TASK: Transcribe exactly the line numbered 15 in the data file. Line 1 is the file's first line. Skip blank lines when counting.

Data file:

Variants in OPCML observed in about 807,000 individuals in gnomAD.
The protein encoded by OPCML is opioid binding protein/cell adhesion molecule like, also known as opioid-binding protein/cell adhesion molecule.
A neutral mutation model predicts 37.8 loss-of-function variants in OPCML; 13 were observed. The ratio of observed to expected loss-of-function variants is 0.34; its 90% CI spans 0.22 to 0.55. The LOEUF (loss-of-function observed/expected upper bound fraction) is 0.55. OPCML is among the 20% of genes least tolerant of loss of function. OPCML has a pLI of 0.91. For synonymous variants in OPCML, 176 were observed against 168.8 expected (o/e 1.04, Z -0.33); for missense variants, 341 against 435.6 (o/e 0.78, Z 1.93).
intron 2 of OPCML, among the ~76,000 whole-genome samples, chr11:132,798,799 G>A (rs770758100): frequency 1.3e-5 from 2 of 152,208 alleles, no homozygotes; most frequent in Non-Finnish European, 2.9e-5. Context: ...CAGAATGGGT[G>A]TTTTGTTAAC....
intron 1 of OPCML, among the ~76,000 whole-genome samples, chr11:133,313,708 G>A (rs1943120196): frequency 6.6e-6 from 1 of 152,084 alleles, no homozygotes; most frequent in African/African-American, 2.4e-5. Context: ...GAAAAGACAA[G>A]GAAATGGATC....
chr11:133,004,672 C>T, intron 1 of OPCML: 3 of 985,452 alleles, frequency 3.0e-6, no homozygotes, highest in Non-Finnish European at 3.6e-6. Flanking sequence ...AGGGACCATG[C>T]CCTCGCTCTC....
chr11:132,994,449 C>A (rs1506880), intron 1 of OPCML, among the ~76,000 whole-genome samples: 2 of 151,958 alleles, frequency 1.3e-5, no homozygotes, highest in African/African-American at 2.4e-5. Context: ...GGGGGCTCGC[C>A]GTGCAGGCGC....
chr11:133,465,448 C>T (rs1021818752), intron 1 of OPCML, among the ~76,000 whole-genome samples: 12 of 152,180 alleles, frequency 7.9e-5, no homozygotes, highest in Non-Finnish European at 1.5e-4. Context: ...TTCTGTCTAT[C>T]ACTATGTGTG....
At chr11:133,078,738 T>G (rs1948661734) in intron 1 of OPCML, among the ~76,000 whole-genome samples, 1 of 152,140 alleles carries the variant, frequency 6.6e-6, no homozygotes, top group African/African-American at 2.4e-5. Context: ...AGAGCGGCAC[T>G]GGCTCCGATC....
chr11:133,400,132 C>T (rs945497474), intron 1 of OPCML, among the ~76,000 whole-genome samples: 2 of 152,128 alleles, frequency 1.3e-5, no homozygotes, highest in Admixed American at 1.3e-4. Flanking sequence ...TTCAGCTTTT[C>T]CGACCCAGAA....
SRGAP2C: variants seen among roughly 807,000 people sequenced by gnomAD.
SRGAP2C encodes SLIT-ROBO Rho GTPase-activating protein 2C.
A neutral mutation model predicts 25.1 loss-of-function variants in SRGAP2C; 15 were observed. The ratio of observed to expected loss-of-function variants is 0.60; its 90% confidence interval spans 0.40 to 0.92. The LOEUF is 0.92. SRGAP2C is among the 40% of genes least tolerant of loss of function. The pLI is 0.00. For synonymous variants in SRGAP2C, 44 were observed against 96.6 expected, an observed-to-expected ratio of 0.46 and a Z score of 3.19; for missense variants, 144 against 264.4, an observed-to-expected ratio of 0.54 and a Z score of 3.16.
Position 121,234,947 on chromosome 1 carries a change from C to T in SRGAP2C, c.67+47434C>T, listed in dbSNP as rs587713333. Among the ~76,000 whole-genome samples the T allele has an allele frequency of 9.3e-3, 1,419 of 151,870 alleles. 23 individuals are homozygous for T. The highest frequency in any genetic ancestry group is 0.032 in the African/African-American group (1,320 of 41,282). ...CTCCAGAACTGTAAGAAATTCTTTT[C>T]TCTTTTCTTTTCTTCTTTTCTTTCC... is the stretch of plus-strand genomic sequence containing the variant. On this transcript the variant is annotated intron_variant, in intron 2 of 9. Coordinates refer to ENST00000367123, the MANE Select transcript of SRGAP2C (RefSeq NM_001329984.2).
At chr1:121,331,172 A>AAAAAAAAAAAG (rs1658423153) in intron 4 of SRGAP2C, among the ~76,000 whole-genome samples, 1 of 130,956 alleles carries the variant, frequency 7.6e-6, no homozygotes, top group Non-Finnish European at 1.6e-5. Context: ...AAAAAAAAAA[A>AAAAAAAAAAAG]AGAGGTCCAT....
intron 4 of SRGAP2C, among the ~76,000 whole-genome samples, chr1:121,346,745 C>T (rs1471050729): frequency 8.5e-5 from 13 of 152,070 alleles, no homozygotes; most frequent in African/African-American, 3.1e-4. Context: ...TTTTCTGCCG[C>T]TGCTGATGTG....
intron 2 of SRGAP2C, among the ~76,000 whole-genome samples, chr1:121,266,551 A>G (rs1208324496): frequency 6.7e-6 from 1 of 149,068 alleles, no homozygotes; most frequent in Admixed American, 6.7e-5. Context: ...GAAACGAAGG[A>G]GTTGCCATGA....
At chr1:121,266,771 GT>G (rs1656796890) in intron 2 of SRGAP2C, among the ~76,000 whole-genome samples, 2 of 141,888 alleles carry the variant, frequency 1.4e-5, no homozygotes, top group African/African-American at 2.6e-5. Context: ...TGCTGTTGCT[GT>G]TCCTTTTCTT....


At chr1:121,331,172 A>AAAAAAAAAAAG (rs1658423153) in intron 4 of SRGAP2C, among the ~76,000 whole-genome samples, 1 of 130,956 alleles carries the variant, frequency 7.6e-6, no homozygotes, top group Non-Finnish European at 1.6e-5. Context: ...AAAAAAAAAA[A>AAAAAAAAAAAG]AGAGGTCCAT....